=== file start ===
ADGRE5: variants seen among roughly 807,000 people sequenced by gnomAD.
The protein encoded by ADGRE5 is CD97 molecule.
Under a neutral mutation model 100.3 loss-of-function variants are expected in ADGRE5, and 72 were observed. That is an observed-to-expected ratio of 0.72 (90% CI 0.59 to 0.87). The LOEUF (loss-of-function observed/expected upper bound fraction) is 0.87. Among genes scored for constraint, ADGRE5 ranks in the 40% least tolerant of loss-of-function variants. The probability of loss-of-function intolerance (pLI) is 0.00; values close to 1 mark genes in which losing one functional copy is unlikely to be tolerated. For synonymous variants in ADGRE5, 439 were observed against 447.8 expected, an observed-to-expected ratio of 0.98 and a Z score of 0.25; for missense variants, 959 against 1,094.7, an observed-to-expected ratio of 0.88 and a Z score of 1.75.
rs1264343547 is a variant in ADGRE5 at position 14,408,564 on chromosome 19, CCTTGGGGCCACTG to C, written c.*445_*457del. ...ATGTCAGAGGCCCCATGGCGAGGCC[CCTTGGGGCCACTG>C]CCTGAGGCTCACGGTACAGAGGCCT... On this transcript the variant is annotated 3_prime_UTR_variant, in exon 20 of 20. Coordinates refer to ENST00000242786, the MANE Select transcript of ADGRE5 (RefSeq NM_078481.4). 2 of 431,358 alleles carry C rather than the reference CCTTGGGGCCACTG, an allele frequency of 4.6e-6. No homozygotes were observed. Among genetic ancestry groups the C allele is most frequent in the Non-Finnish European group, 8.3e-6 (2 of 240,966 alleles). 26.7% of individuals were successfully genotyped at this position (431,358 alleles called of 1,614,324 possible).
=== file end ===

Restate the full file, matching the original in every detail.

ADGRE5: variants seen among roughly 807,000 people sequenced by gnomAD.
The protein encoded by ADGRE5 is CD97 molecule.
Under a neutral mutation model 100.3 loss-of-function variants are expected in ADGRE5, and 72 were observed. That is an observed-to-expected ratio of 0.72 (90% CI 0.59 to 0.87). The LOEUF (loss-of-function observed/expected upper bound fraction) is 0.87. Among genes scored for constraint, ADGRE5 ranks in the 40% least tolerant of loss-of-function variants. The probability of loss-of-function intolerance (pLI) is 0.00; values close to 1 mark genes in which losing one functional copy is unlikely to be tolerated. For synonymous variants in ADGRE5, 439 were observed against 447.8 expected, an observed-to-expected ratio of 0.98 and a Z score of 0.25; for missense variants, 959 against 1,094.7, an observed-to-expected ratio of 0.88 and a Z score of 1.75.
rs1264343547 is a variant in ADGRE5 at position 14,408,564 on chromosome 19, CCTTGGGGCCACTG to C, written c.*445_*457del. ...ATGTCAGAGGCCCCATGGCGAGGCC[CCTTGGGGCCACTG>C]CCTGAGGCTCACGGTACAGAGGCCT... On this transcript the variant is annotated 3_prime_UTR_variant, in exon 20 of 20. Coordinates refer to ENST00000242786, the MANE Select transcript of ADGRE5 (RefSeq NM_078481.4). 2 of 431,358 alleles carry C rather than the reference CCTTGGGGCCACTG, an allele frequency of 4.6e-6. No homozygotes were observed. Among genetic ancestry groups the C allele is most frequent in the Non-Finnish European group, 8.3e-6 (2 of 240,966 alleles). 26.7% of individuals were successfully genotyped at this position (431,358 alleles called of 1,614,324 possible).